A man walks through a Microsoft server farm in Switzerland. One researcher warned of the potential for data poisoning: adding intentionally misleading data to a pool so it machine learning analysis misidentifies its inputs.(Amy Sacka for Microsoft)

Data poisoning attacks against the machine learning used in security software may be attackers’ next big vector, said Johannes Ullrich, dean of research of SANS Technology Institute.

Machine learning is based on pattern recognition in a pool of data. Data poisoning is adding intentionally misleading data to that pool so it begins to misidentify its inputs.

“One of the most basic threats when it comes to machine learning is one of the attacker actually being able to influence the samples that we are using to train our models,” said Ulrich, speaking during a keynote at the RSA Conference.

Ulrich noted that hackers could provide a stream of bad information by, say, flooding a target organization with malware designed to refine ML detection away from the techniques they actually plan to use for the main attack.

The future threats panel offerred four experts taken from the SANS Institute instructor pool the opportunity to present on one threat they expected to see balloon in the near future. Katie Nickels, director of intelligence at Red Canary, presented on the growth of leaking as a component of ransom, which she noted had been on the rise since 2019. Heather Mahalik, director of digital intelligence for Cellibrite, talked about token abuse expanding with increased work from home. And Ed Skoudis, CEO of Counter Hack discussed software integrity and the growth of supply chain, dependency and malicious update attacks in the wake of Sunburst.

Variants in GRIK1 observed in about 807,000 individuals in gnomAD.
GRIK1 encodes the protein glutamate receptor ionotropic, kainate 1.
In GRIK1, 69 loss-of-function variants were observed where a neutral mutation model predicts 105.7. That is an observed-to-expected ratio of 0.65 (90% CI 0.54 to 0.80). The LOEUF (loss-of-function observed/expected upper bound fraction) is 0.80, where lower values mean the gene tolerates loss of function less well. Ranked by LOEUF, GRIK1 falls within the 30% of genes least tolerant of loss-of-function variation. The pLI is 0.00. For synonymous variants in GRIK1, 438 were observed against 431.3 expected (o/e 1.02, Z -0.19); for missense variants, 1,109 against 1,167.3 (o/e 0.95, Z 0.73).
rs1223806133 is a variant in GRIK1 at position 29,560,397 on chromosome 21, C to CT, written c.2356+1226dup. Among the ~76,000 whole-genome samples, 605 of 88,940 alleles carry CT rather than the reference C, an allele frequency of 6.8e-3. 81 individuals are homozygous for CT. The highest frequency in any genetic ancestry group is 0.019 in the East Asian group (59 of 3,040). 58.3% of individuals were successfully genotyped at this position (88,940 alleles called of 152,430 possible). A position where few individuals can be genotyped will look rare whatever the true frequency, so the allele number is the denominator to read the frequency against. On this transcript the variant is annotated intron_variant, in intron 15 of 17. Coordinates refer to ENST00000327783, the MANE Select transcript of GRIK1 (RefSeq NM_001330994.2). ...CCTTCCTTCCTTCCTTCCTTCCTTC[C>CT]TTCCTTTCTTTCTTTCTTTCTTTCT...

Data poisoning has been involved signature-based antivirus in the past. In 2013, Microsoft presented research that someone had uploaded false samples to malware repositories to create signature collisions with system files. That said, there do not appear to be any known data poisoning attacks against artificial intelligence defenses of individual networks.

“You need to understand these models,” said Ulrich. “If you don’t understand what protects you, then you can’t really evaluate the efficacy of these techniques, and these tools.”